As a productivity nerd, I’ve spent hours reading books, testing apps and obsessing over what the perfect To Do list looks like.
(Pro tip: It’s perfect if you use it).
I’ve dove deeper into the world of productivity than I care to admit, and I’ve discovered seven telltale signs that productivity aficionados are in danger of turning efficiency and effectiveness automation into a personal religion.
1. The Perfect Morning Routine Keeps You Up At Night
Should you get up at 5:00 a.m. or 6:00 a.m.? Is it better to meditate or exercise first thing? And just how much caffeine is enough before breakfast?
You’ve spent hours reading about the early morning routines of your mentors and experimented with copying what they do.
Deep down, you know tweaking how much protein you consume first thing doesn’t impact your day much, but it helps you feel like you’re accomplishing more before everyone else.
2. You Prune Your To Do Like A Well-Kept Garden
Sanity is a neatly categorised To Do list. You love nothing more than ticking off items one by one. The reassuring ding or swoosh of completing an item in Things, Wunderlist or Asana fills you with an alarming sense of satisfaction.
3. The Latest Productivity Apps Excite You
Trello just released a new desktop app. Now you can use your fingerprint to log into 1Password. Evernote has redesigned their experience for iOS.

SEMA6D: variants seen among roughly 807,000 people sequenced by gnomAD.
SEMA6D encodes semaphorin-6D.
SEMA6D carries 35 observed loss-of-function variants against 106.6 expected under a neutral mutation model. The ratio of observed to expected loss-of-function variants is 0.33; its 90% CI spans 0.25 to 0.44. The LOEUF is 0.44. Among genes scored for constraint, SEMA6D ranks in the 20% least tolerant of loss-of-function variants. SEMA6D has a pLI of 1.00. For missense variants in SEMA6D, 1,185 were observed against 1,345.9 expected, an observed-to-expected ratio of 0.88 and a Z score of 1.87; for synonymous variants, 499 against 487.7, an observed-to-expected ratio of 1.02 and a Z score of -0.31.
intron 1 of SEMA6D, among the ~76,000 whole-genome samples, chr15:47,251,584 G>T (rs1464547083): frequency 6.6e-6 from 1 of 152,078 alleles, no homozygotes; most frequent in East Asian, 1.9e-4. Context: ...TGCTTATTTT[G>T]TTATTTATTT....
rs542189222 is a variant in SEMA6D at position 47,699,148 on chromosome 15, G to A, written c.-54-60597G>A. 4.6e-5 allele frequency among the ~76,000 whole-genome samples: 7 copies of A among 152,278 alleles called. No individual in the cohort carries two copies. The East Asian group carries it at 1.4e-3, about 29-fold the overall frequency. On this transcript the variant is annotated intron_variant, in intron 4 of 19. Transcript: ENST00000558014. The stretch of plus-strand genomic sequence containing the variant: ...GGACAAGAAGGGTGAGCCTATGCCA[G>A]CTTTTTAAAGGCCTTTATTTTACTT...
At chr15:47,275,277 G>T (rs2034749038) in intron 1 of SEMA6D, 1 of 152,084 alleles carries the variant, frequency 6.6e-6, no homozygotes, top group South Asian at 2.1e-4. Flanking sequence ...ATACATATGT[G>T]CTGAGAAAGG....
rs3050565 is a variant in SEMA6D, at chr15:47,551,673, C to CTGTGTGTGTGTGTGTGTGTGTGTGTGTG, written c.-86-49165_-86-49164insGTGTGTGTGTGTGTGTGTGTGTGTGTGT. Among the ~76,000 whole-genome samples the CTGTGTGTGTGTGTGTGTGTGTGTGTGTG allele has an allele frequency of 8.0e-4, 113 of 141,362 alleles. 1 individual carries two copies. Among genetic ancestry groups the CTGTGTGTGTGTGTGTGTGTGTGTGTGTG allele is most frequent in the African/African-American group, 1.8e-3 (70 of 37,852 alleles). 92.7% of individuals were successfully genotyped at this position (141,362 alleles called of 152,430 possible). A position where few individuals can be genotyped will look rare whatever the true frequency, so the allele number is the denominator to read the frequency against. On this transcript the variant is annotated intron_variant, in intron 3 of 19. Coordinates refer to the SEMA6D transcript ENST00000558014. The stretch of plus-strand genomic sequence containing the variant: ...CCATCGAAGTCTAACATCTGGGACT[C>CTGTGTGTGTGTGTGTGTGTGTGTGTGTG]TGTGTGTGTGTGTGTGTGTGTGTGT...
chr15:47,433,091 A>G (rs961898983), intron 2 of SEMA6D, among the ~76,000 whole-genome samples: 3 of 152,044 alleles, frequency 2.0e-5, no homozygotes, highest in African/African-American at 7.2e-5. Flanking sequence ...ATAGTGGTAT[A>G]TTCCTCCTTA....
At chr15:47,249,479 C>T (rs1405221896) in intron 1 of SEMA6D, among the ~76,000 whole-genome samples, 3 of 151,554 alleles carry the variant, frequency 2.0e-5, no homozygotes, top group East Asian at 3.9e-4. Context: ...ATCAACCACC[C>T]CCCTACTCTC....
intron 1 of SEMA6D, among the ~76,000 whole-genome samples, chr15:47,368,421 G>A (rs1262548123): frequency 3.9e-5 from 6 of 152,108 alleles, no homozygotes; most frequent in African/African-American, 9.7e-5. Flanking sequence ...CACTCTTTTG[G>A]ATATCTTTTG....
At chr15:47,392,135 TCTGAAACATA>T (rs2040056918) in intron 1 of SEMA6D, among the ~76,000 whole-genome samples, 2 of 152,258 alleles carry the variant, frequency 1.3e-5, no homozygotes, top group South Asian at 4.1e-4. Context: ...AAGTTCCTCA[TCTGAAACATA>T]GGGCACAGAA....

You sometimes spend more time downloading and testing productivity apps than using them. You even read the release notes on the app store to see if you missed anything, and the developer’s Easter eggs usually raise a smile.
4. Tim Ferriss Is Your High Priest
…and the 4-Hour Workweek your bible.
A well-thumbed copy of Tribe of Mentors sits on your bookshelf. His two-hour podcast episodes auto-download to your phone, which you listen to on x2 speed of course. Tim’s reading list is your speed reading list. You even know all about his dog.
It’s best you never meet.
5. You Think In Terms Of Next Actions
Are you ringing the contractor with the bad news or Stephen from marketing? Is it your responsibility to distribute the report or Sarah’s?
And the deadline for the project, it’s next Friday, right? If your calendar is a shield for defending your best self, then next actions are a sword you use to slice through the work week.
6. You Treat Meetings Like The Enemy
You’d rather rub lemons in your eyes than spend 30 or even, gasp, 60 minutes on a conference call or sitting in a room with a large group of people talking about one topic. All you can think about is your To Do list and what you could have accomplished in that time.
What’s more, you die a small death inside each time someone wraps up a meeting without summarizing who is doing what and when.
A plague upon their houses.
7. You Spend More Time Reviewing Your Calendar Than Watching Television
You muse over the best time for block booking 30 or 60 minutes to work on your most important projects. Should you set time aside in the morning or the evening for deep work?
You’ve color-coded everything so you can see at a glance who you need to talk to or update and when. Yes, your calendar is a triumph of personal micromanagement.
Who has time for Love Island or This is Us anyway?
Bryan Collins is the author of The Power of Creativity. He writes about topics like productivity and leadership. He lives an hour outside Dublin in Ireland.